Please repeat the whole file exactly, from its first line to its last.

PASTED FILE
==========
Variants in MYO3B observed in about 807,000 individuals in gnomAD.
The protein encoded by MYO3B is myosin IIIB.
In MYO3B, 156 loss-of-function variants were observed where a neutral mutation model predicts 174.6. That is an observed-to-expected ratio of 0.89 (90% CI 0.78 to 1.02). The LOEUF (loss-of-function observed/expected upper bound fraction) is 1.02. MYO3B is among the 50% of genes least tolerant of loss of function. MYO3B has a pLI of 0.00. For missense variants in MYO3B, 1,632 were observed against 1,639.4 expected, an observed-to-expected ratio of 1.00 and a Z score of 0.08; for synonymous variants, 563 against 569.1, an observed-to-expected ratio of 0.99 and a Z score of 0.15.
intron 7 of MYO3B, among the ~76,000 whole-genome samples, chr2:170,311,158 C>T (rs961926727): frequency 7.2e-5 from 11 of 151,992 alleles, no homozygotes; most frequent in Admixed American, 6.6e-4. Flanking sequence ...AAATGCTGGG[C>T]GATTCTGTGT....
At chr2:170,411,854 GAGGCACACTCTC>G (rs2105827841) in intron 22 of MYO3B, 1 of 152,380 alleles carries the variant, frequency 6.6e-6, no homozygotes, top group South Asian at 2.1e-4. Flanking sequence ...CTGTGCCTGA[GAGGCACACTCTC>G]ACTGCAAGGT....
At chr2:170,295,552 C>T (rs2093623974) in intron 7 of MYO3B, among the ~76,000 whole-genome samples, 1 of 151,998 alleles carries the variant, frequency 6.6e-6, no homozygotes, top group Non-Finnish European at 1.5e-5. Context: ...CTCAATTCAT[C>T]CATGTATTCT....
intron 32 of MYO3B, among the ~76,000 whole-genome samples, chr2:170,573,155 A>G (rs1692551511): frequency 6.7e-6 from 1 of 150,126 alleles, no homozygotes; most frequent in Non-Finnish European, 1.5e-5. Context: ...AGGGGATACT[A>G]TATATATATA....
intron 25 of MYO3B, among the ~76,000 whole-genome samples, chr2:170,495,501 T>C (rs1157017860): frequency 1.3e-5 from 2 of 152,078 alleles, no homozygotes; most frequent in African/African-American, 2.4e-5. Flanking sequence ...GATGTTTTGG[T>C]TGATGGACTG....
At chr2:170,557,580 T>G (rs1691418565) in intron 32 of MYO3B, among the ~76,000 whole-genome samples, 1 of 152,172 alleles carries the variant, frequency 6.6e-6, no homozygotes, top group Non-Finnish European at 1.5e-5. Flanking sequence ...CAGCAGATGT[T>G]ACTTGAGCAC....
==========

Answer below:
Variants in MYO3B observed in about 807,000 individuals in gnomAD.
The protein encoded by MYO3B is myosin IIIB.
In MYO3B, 156 loss-of-function variants were observed where a neutral mutation model predicts 174.6. That is an observed-to-expected ratio of 0.89 (90% CI 0.78 to 1.02). The LOEUF (loss-of-function observed/expected upper bound fraction) is 1.02. MYO3B is among the 50% of genes least tolerant of loss of function. MYO3B has a pLI of 0.00. For missense variants in MYO3B, 1,632 were observed against 1,639.4 expected, an observed-to-expected ratio of 1.00 and a Z score of 0.08; for synonymous variants, 563 against 569.1, an observed-to-expected ratio of 0.99 and a Z score of 0.15.
intron 7 of MYO3B, among the ~76,000 whole-genome samples, chr2:170,311,158 C>T (rs961926727): frequency 7.2e-5 from 11 of 151,992 alleles, no homozygotes; most frequent in Admixed American, 6.6e-4. Flanking sequence ...AAATGCTGGG[C>T]GATTCTGTGT....
At chr2:170,411,854 GAGGCACACTCTC>G (rs2105827841) in intron 22 of MYO3B, 1 of 152,380 alleles carries the variant, frequency 6.6e-6, no homozygotes, top group South Asian at 2.1e-4. Flanking sequence ...CTGTGCCTGA[GAGGCACACTCTC>G]ACTGCAAGGT....
At chr2:170,295,552 C>T (rs2093623974) in intron 7 of MYO3B, among the ~76,000 whole-genome samples, 1 of 151,998 alleles carries the variant, frequency 6.6e-6, no homozygotes, top group Non-Finnish European at 1.5e-5. Context: ...CTCAATTCAT[C>T]CATGTATTCT....
intron 32 of MYO3B, among the ~76,000 whole-genome samples, chr2:170,573,155 A>G (rs1692551511): frequency 6.7e-6 from 1 of 150,126 alleles, no homozygotes; most frequent in Non-Finnish European, 1.5e-5. Context: ...AGGGGATACT[A>G]TATATATATA....
intron 25 of MYO3B, among the ~76,000 whole-genome samples, chr2:170,495,501 T>C (rs1157017860): frequency 1.3e-5 from 2 of 152,078 alleles, no homozygotes; most frequent in African/African-American, 2.4e-5. Flanking sequence ...GATGTTTTGG[T>C]TGATGGACTG....
At chr2:170,557,580 T>G (rs1691418565) in intron 32 of MYO3B, among the ~76,000 whole-genome samples, 1 of 152,172 alleles carries the variant, frequency 6.6e-6, no homozygotes, top group Non-Finnish European at 1.5e-5. Flanking sequence ...CAGCAGATGT[T>G]ACTTGAGCAC....